LAWMA trucks: Encouraging local innovation

LAST week, Lagos State governor, Mr. Babajide Sanwo-Olu, bolstered the fleet of the state’s Waste Management Authority (LAWMA) with 102 units of brand new, locally-assembled compactor trucks and 100 units of double dino waste bins. This was in a bid to reduce turn-around time in waste evacuation within the metropolis, and towards achieving a cleaner and healthier environment. The development, adjudged as an unprecedented intervention by the government to address the logistical and operational shortfalls in waste collection across the state, has a major highlight: the compactor trucks, each having three-year warranty and maintenance package, were assembled by LAWMA technicians in conjunction with Dangote Sinotruk Manufacturing firm and were designed according to local requirements to aid the clearing of waste from generating points to transfer-loading stations. Again, the trucks were fabricated to address the problem of liquids dripping from waste trucks, a drawback synonymous with the second-hand trucks mostly used by private waste collectors. In addition, the governor formally launched a mobile application called CitiMonitor to enable the monitoring and reporting of environmental infractions, including indiscriminate dumping of refuse.

According to Sanwo-Olu, the new waste collection machinery was not being deployed to take private operators out of business, as the compactors would make trips only to public places and major roads to evacuate waste, while the private operators would continue with their commercial and residential waste collections. The state government, Sanwo-Olu said, was fully aware of the potential of a waste economy, stressing that the waste-to-wealth programme of the state had started to take shape given the expansion of the Lagos Recycling Initiative. The intervention, as he noted, calls for a complete change of attitude towards the  environment, beginning with basic hygiene at home, proper domestic waste management and ultimately,  environment-friendly practices, as “the quality of our environment directly impacts the quality of the lives we live. A clean environment is a major weapon against diseases and other public health challenges.”

It is indeed a laudable project to create a clean environment using locally assembled trucks, deploying applications to track compliance with environmental laws, and appropriately using compost facilities. Apparently, the launching of locally assembled waste disposal trucks will encourage local content and create jobs. It will also, ultimately, lead to a cleaner, saner, and friendlier environment. Indeed, Nigeria’s states have a huge waste problem only because most of the state chief executives fail to realise the potential goldmine that lies in proper waste management. Indeed, most seem to be blissfully unaware of the potentialities of a waste-to-wealth programme. In the absence of local innovations, foreign entrepreneurs are cashing in on the lacuna to create wealth for themselves. In this connection, the initiative unveiled by the Sanwo-Olu administration is quite in order, and deserves replication across the country. It is, in our view, criminal in this day and age for state governments across the country to be importing waste disposal trucks.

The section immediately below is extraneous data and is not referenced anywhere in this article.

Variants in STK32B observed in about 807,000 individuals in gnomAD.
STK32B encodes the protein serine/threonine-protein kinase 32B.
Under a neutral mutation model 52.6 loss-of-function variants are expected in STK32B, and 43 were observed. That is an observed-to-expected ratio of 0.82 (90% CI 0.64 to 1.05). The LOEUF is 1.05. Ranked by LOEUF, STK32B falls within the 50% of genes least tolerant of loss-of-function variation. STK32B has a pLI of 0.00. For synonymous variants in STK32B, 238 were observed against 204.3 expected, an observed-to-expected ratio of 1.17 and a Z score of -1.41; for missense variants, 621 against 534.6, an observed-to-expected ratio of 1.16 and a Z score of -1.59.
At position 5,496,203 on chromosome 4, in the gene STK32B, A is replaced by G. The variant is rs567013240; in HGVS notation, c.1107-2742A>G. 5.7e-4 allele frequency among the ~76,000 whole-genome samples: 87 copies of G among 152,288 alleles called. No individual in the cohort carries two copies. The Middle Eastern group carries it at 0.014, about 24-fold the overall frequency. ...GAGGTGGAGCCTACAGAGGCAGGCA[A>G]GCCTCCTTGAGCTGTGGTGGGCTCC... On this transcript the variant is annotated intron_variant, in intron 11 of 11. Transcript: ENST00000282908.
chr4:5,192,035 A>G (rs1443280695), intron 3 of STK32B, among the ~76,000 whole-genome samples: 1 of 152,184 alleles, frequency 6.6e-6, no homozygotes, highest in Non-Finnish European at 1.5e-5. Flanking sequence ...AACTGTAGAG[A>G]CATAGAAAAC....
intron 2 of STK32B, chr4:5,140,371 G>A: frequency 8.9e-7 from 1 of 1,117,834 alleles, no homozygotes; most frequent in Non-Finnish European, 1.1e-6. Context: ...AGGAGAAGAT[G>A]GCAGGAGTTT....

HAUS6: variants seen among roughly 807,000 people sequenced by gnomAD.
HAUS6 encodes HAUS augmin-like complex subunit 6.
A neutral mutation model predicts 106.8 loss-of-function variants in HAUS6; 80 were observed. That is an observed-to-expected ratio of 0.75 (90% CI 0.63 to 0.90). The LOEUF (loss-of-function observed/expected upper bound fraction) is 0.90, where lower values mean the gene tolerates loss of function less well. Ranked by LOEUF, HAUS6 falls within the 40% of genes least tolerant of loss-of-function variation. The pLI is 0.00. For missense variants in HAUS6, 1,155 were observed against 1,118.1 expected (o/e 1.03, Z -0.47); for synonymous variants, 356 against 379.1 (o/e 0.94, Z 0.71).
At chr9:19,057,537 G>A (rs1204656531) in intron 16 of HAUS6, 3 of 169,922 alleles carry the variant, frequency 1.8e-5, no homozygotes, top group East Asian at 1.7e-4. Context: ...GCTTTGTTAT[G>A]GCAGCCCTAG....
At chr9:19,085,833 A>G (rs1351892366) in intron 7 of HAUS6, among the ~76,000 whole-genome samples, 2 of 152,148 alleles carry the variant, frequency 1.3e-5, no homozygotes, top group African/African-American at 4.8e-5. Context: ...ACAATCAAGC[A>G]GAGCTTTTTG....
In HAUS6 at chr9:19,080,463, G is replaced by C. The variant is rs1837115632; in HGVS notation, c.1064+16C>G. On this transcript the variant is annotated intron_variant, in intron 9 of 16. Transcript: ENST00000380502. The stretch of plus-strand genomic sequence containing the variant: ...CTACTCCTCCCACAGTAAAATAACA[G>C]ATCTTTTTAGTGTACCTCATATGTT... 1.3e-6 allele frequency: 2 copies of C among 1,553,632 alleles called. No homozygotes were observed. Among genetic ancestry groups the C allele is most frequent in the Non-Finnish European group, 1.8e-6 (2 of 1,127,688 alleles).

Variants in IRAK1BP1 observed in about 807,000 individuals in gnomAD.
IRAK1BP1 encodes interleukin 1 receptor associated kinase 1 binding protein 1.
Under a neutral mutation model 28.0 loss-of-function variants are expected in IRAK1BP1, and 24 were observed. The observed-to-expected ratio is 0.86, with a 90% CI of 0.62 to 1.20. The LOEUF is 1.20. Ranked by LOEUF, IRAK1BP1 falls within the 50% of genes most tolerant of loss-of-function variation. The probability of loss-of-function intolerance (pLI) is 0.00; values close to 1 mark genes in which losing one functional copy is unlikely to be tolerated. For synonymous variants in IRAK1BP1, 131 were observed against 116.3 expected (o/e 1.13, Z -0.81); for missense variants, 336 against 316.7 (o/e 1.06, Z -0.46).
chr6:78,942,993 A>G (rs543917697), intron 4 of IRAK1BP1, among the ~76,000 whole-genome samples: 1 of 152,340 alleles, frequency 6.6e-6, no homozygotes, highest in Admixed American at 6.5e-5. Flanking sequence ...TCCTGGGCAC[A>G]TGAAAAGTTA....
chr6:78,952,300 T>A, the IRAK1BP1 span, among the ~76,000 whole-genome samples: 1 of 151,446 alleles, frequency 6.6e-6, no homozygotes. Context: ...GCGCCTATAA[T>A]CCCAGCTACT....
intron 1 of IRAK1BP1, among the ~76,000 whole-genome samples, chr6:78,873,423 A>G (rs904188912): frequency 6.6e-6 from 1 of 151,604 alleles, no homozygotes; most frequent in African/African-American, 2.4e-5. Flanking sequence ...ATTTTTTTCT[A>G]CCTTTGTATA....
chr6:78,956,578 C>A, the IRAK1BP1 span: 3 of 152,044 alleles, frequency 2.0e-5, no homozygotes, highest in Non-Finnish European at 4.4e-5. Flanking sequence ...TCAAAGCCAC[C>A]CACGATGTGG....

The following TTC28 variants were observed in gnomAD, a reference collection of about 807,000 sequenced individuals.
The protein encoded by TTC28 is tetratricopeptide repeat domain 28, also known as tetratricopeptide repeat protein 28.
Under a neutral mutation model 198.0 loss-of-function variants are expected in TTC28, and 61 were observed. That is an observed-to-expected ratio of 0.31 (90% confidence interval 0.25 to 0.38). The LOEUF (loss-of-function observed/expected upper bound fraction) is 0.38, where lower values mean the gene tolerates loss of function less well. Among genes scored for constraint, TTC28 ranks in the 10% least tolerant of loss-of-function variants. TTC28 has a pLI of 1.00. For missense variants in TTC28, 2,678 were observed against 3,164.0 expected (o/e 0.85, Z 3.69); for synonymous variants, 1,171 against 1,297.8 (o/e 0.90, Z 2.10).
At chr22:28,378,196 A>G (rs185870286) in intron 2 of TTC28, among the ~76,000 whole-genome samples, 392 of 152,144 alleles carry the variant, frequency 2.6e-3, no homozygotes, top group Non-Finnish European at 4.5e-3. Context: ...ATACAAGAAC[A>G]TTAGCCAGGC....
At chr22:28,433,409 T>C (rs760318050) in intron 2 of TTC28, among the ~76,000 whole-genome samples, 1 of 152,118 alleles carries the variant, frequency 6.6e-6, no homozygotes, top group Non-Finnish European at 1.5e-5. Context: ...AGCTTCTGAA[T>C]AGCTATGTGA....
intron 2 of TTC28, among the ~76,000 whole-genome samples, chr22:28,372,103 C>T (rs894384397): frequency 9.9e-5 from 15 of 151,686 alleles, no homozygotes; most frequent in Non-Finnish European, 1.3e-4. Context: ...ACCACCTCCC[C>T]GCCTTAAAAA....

Ideally, every society ought to concentrate on what to do to encourage production, but this does not seem to bother the political leadership in Nigeria generally. Over the years, the political leadership at all levels seems to have been content with receiving free oil money, failing to embrace the innovation that ought to come internally, and naturally. For instance, Nigeria and Brazil started together in assembling vehicles, but Brazil has moved to the manufacturing stage and now Nigerians import Marcopolo buses from Brazil. Hitherto thriving manufacturing concerns like Volkswagen and Dunlop have faded into oblivion and, what is more, the business climate in the country remains largely unfavourable. In the face of this sad state of affairs, the local innovation in Lagos should provide a template to spur governance thinking with a view to turning things around, and the entire country should take notice.  It is cheering news that the state-owned compost facility in Odogunyan, Ikorodu, is being brought back to life, and that resources have been ramped up for the construction of new transfer-loading stations to provide the infrastructure that would facilitate the effective disposal of solid waste. There is, however, the question of sustainability: the project must outlive the Sanwo-Olu administration.

Ultimately, however, there must be a move from assembly to manufacturing in all sectors. Governments at all levels should make their tenure count by investing massively in local innovations. This is achievable with proper collaboration with the private sector and research institutions and, more importantly, the right governance mindset.




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